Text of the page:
No Speeding Please
Due to less traffic on the roads in the last few months, more citations for excessive speed have been issued throughout the US. Even with less traffic, speeding motorists put themselves at greater risk. Speeding can lead to loss of vehicle control. Speeding increases the potential for more last second braking which increases the risk of a collision. Traveling at higher speeds mean less reaction time to respond to other collision factors, like other motorist’s driving errors, equipment failure, and poor roads. In addition, a crash at higher speeds will have a greater force of impact than at lower speeds. So even though an open road may be tempting you to drive a little faster, please continue to take your time and get to where you are going safe and sound.
In 2012 roughly 92 people died in motor vehicle crashes each day according to the National Highway Traffic Safety Administration. 30% of these deaths involved speed-related traffic crashes.
Speeding is generally viewed as dangerous driving behavior, but this doesn’t seem to keep 75% of drivers from speeding regularly. The most common forms of speeding are driving too fast for the conditions, driving above the posted speed limit and racing. For every 10 mph over 50 mph that a vehicle travels, the chance of death or serious injury doubles.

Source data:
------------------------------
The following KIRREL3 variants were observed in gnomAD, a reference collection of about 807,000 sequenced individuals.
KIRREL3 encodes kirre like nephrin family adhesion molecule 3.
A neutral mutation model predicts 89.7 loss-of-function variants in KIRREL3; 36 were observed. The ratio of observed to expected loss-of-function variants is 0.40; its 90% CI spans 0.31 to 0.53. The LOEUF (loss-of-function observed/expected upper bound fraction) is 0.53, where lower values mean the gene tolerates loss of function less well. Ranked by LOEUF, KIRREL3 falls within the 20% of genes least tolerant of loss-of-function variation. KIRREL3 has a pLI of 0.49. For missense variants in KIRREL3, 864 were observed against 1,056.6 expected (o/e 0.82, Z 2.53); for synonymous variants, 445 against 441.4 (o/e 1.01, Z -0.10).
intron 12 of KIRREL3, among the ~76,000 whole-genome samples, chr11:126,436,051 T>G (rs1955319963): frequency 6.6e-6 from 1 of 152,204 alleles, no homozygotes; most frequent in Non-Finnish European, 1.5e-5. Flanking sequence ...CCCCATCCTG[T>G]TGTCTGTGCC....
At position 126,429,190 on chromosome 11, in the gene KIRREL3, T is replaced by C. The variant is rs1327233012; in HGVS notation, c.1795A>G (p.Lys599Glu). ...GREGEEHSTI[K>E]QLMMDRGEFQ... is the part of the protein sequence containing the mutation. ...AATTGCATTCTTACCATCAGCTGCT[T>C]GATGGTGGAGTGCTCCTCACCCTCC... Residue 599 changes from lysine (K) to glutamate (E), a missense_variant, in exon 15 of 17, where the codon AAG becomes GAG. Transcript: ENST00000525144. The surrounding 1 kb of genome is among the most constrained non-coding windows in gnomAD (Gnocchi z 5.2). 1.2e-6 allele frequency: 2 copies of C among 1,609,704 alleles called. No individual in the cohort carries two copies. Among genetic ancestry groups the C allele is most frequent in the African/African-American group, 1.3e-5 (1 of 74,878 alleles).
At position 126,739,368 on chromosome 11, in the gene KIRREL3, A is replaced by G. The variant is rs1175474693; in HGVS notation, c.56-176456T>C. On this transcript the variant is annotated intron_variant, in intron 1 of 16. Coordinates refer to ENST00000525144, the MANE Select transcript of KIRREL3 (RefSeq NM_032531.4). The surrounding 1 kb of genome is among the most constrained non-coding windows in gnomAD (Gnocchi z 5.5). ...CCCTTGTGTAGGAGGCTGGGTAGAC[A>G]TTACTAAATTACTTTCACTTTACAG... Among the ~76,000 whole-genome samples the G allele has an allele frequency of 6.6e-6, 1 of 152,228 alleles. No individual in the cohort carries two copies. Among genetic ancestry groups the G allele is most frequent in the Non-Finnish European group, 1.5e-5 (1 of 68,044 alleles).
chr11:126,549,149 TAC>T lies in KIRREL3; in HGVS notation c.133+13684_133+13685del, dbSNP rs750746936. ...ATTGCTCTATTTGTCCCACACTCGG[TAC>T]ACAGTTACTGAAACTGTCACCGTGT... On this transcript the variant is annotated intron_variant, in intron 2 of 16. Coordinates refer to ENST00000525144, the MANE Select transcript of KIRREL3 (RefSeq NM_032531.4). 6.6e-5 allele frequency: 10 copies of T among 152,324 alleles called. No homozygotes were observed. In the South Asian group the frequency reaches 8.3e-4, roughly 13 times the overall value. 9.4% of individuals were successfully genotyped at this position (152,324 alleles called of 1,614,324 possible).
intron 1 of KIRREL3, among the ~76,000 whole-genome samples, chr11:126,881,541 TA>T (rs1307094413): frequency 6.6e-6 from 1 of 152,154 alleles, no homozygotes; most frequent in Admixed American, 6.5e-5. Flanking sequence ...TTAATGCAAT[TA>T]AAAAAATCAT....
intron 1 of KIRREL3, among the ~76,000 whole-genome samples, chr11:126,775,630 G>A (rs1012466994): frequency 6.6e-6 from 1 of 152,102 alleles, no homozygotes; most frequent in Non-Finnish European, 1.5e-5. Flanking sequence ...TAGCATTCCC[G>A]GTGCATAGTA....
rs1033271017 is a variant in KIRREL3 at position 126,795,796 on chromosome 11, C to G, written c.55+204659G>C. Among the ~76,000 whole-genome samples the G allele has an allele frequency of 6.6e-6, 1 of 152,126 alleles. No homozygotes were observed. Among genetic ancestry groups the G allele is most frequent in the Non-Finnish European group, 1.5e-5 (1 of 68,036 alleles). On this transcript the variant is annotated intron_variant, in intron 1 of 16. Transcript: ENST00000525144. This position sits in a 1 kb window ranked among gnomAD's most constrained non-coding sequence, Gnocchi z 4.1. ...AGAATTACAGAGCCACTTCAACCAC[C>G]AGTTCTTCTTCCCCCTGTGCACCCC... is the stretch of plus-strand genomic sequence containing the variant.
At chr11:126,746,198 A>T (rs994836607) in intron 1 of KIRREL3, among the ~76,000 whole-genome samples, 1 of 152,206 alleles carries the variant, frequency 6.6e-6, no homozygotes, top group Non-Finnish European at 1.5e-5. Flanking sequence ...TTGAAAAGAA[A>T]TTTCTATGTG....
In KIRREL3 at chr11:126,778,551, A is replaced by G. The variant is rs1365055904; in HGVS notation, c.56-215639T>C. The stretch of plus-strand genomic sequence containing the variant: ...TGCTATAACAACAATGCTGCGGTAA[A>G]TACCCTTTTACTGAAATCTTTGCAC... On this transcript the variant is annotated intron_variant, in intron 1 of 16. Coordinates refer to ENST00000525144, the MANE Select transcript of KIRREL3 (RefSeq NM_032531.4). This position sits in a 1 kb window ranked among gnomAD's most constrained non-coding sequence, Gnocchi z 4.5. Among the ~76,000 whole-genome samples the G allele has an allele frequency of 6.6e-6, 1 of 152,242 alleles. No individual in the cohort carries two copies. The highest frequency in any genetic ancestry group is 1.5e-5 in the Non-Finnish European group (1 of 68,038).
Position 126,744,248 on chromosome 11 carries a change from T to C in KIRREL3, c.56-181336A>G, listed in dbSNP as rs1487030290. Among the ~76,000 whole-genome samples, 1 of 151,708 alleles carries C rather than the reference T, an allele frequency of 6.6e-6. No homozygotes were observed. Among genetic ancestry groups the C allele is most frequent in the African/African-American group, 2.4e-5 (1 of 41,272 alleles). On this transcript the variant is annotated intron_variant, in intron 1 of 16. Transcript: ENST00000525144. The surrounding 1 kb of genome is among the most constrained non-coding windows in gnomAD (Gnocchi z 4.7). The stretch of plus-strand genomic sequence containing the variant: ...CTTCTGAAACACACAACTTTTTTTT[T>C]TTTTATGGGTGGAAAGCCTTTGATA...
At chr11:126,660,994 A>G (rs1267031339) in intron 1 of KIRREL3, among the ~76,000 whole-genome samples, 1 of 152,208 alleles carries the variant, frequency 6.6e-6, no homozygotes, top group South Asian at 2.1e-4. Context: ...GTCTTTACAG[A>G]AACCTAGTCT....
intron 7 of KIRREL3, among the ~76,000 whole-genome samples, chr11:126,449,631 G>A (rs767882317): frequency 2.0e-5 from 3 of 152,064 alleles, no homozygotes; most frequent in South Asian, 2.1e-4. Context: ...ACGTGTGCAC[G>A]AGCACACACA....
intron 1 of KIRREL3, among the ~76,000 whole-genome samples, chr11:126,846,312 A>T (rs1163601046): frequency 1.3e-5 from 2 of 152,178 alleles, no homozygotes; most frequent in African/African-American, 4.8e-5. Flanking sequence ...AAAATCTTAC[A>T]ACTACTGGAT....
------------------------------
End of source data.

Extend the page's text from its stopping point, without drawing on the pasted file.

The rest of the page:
Most of the time, we are speeding to save time. The truth is we don’t save as much time as we would like to think. If you were traveling at 65 mph over 20 miles instead of 55 mph you would save only about three and a half minutes! And if speeding doesn’t lead to a collision, you may still end up with ticket which is a whole other set of problems to deal with.
So, next time you’re tempted to put the pedal to the medal, ask yourself… “Is it worth it?”
No time to read a long-winded BLOnG? Welcome to the Three-Second-Stop mini-Blog.
Today’s Three Seconds: Traffic Ticket Control
Traffic Tickets: You dread them. There’s the humiliation of being pulled over, the steep ticket fine, your tarnished driving record, and increased car insurance rates. Fortunately, most states will allow you to take a Defensive Driving or Traffic School class to ‘hide’ your citation from the public and your insurance company, saving your insurance rates from skyrocketing. Not necessarily a reason to celebrate, but fixing your ticket will no doubt alleviate some of the financial burden of getting pulled over.